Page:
“Yes, I am,” I answered. “It’s a pleasure to meet you, Countess.”
“Please call me Alice,” she replied.
I opened myself to her mind and saw a troubled woman who suffered terribly. I had heard the rumors that she had attempted suicide several times. She was tormented by thoughts of insecurity, of needing another dose of morphine, of desperately wishing to see “Joss.”
On the outside, she was a vision of fashionable beauty with a lion cub purring in her lap and a cocktail in her delicately gloved hand. She invited me to join her at her table in the Muthaiga Club.
I sat and kept her company that afternoon and we became fast friends. Perhaps it was because we had both shot men we’d once loved. Or maybe it was simply because we shared a grief and loneliness. We were both women who were trying to survive life in Kenya alone.
Alice had had many lovers and multiple husbands, but it was “Joss” who was always in her thoughts. I knew this man as Josslyn Hay, the Earl of Erroll, and one of Happy Valley’s most amorous lovers.
He had once been the husband of Alice’s best friend, Idina Sackville. Alice and Idina had shared Josslyn sexually and both had loved him, but when he divorced Idina, he went to another woman altogether—another Happy Valley wife who divorced her husband for Josslyn, and then married him. Alice had been devastated at the loss of Joss, but continued to sleep with him whenever she had the chance.
When Joss’s new wife died of a drug overdose, Alice had hoped for another chance to be with him, but was quickly shoved aside again for a newcomer to The Happy Valley Set, the very young and beautiful Diana Delves Broughton.
Diana had come to Kenya a mere week after marrying the much older and very wealthy Sir Jock Delves Broughton, and her affair with Josslyn began almost immediately.
I knew, of course, how upset Alice was by “listening” to her thoughts, but to the public, she seemed her usual carefree self. Diana’s husband, Jock, however, had a harder time concealing his distaste for the affair. He wasn’t among the inner circle of adulterers in Happy Valley and I “heard” from him that he truly loved his wife and was devastated at her flagrant cheating.
I still considered Alice a dear friend, and felt awful that she had to endure Joss’s very public affair. It was rumored that Joss and Diana were to be married as soon as she could get a divorce from Jock.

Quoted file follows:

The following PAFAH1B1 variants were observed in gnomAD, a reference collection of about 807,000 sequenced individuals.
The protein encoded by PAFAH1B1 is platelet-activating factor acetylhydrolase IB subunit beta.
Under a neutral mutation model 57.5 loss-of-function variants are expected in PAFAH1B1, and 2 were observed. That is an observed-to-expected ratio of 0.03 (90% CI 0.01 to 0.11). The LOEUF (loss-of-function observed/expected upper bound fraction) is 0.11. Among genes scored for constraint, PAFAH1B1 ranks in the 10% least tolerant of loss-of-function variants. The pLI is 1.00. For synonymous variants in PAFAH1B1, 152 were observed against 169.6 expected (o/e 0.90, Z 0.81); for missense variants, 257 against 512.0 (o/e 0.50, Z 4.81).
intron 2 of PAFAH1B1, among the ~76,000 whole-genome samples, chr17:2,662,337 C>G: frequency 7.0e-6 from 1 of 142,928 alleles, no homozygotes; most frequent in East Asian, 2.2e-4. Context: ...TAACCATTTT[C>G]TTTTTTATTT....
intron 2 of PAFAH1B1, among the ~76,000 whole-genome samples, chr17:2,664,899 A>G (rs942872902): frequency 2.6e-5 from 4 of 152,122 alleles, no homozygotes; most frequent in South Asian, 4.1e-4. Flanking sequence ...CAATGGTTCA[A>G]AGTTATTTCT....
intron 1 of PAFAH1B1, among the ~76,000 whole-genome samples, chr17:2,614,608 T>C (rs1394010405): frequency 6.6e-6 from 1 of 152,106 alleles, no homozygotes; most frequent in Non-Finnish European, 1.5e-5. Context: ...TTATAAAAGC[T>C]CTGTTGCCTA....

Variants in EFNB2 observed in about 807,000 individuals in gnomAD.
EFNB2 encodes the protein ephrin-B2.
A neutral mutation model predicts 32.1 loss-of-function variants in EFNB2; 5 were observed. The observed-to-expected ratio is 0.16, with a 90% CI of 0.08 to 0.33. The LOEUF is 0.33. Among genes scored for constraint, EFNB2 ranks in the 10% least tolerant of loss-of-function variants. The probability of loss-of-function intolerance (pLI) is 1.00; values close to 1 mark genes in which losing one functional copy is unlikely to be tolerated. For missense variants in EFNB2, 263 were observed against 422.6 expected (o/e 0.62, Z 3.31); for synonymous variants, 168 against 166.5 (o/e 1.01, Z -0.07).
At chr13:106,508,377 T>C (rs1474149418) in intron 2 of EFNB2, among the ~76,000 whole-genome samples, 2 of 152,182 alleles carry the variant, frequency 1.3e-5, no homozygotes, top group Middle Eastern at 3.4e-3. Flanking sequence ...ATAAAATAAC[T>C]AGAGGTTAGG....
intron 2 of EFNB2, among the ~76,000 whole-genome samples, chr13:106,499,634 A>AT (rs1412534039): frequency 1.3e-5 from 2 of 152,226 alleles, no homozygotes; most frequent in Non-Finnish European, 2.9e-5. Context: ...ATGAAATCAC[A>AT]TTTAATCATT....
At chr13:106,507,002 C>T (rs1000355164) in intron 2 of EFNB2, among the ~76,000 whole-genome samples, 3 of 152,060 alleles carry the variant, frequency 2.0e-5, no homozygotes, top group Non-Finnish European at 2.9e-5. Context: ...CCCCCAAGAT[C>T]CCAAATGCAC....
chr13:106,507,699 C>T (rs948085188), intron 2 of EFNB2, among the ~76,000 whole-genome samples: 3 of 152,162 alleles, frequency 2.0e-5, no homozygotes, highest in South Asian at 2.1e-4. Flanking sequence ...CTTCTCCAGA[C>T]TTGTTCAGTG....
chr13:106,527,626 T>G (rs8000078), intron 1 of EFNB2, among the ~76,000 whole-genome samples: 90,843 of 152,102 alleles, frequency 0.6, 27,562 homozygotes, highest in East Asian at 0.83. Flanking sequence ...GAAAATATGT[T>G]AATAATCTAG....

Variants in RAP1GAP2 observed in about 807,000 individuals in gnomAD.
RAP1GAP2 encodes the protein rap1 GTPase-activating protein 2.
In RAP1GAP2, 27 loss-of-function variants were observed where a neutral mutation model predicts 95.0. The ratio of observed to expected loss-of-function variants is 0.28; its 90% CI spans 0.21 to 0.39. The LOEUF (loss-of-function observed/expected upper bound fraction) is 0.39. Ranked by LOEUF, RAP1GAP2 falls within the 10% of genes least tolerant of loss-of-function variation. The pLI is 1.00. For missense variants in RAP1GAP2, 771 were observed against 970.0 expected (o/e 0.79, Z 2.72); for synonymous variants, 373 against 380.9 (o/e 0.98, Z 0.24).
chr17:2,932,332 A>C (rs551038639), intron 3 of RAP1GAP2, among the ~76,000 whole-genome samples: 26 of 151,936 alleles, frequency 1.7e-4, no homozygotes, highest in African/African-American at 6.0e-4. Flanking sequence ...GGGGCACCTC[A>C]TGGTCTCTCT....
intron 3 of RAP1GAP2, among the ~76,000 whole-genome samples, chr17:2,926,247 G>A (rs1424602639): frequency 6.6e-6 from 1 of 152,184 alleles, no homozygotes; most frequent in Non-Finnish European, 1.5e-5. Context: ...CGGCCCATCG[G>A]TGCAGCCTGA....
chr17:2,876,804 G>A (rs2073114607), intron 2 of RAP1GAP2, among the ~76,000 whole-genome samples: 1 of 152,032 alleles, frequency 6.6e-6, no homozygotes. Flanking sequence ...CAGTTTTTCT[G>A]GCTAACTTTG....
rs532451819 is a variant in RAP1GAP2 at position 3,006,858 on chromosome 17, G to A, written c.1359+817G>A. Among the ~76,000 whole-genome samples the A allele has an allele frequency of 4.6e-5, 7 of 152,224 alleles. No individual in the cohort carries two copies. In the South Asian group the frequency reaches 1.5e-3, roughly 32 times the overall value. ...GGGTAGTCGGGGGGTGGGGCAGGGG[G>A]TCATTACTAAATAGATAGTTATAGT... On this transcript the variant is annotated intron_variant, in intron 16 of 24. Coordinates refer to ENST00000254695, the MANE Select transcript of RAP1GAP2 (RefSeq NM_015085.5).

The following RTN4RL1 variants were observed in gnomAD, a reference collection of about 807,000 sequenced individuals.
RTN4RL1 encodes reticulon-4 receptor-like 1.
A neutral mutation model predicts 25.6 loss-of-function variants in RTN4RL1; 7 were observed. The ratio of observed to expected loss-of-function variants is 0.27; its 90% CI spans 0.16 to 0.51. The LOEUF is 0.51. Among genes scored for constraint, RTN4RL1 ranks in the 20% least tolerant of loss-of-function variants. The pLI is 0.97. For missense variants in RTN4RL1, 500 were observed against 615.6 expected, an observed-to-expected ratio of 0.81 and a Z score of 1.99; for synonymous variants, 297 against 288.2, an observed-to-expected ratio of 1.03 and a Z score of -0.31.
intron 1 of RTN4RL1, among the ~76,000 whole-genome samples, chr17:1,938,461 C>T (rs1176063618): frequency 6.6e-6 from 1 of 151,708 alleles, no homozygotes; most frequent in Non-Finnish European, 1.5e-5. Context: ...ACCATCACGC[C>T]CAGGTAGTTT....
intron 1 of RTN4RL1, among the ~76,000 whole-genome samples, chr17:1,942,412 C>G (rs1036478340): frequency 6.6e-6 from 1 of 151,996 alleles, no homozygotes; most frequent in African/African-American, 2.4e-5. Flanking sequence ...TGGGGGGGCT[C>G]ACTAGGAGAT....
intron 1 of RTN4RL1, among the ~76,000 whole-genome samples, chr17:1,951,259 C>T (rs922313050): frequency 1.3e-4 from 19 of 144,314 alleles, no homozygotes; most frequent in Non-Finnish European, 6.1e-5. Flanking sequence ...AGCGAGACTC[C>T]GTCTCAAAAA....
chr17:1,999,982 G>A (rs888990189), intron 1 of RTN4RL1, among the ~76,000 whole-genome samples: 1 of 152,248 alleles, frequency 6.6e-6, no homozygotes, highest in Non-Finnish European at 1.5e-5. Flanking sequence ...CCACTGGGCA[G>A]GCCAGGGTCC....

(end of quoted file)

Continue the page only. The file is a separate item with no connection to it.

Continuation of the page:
Alice’s drug habit had become more and more serious, and finally, one night at The Muthaiga Club, I found her incoherent in the ladies room, the silver syringe still in her arm.
I tried to wake her, but couldn’t, and left the powder room to get help. The first person I saw was Josslyn Hay and I took him by the arm and led him away from the crowded ballroom and out to the empty patio.
“Josslyn, I need your help,” I said as we emerged into the dark January night, away from the lights of the club. I told him about Alice, but he just laughed.
“Sookie, you are so naïve,” he said. “Alice knows what she’s doing.”
“I’m worried,” I replied. “She is unresponsive.”
Josslyn looked into my eyes for a long moment. I stupidly assumed he was absorbing the severity of the situation, and was completely surprised when he kissed me.
I pushed him away, but he was stronger and held me to him, his tongue roughly entering my mouth.
It had been decades, literally, since I had been a part of that lifestyle of casual encounters with men, and I was shocked at how foreign it felt. I didn’t like it, and pushed harder to get Josslyn off of me.
He pressed his body into mine and I bit into his tongue in self defense.
I’m not sure what I was expecting, but what I got was a shockingly painful slap to my face. I tasted blood and my lip stung where Josslyn’s hand had struck me.
I closed my eyes and instinctively cowered and waited for another blow, but instead, I felt a rush of wind and Josslyn’s sudden absence.
I opened my eyes and I was alone in the dark and heard a grunt of pain somewhere above me. I looked up into the black sky and whispered, “Eric.”
Josslyn’s body fell to the ground with a thump about ten feet in front of me and Eric was suddenly standing before me.
His presence took my breath away. It had been nearly twenty years since I’d seen him, but his image had filled my mind every night. He was tall and beautiful and so vibrant, and so angry.
I reached out and touched his chest and said, “My god.”
He took my hand in his and asked, “Are you alright?”
I nodded silently before answering, “You haven’t changed. You’re the same.” And then I realized that of course, vampires didn’t age.
He smiled through his anger and my heart melted. I remembered that smile. The pain of his loss shot through me. I had missed him so much.
“Yes, I am the same,” he said gently. “And you are just as beautiful.”
I thought of how I must look to him—old. I suddenly felt the weight of all the years alone and said, “I’m not. But thank you.” My vanity loved the compliment.
I realized I was tired. Tired of all the years of running the farm alone, of missing how Eric had made me feel, of missing the hope of a better life—a life with Eric that I had once longed for.
I blurted out, “I’ve missed you.”
He looked surprised.
I reached out to him and he crushed me into his embrace. I let go and wept with happiness into his chest. I remembered how safe I’d felt in his arms and hadn’t had that feeling since the night I’d shot Bill and Eric took me away.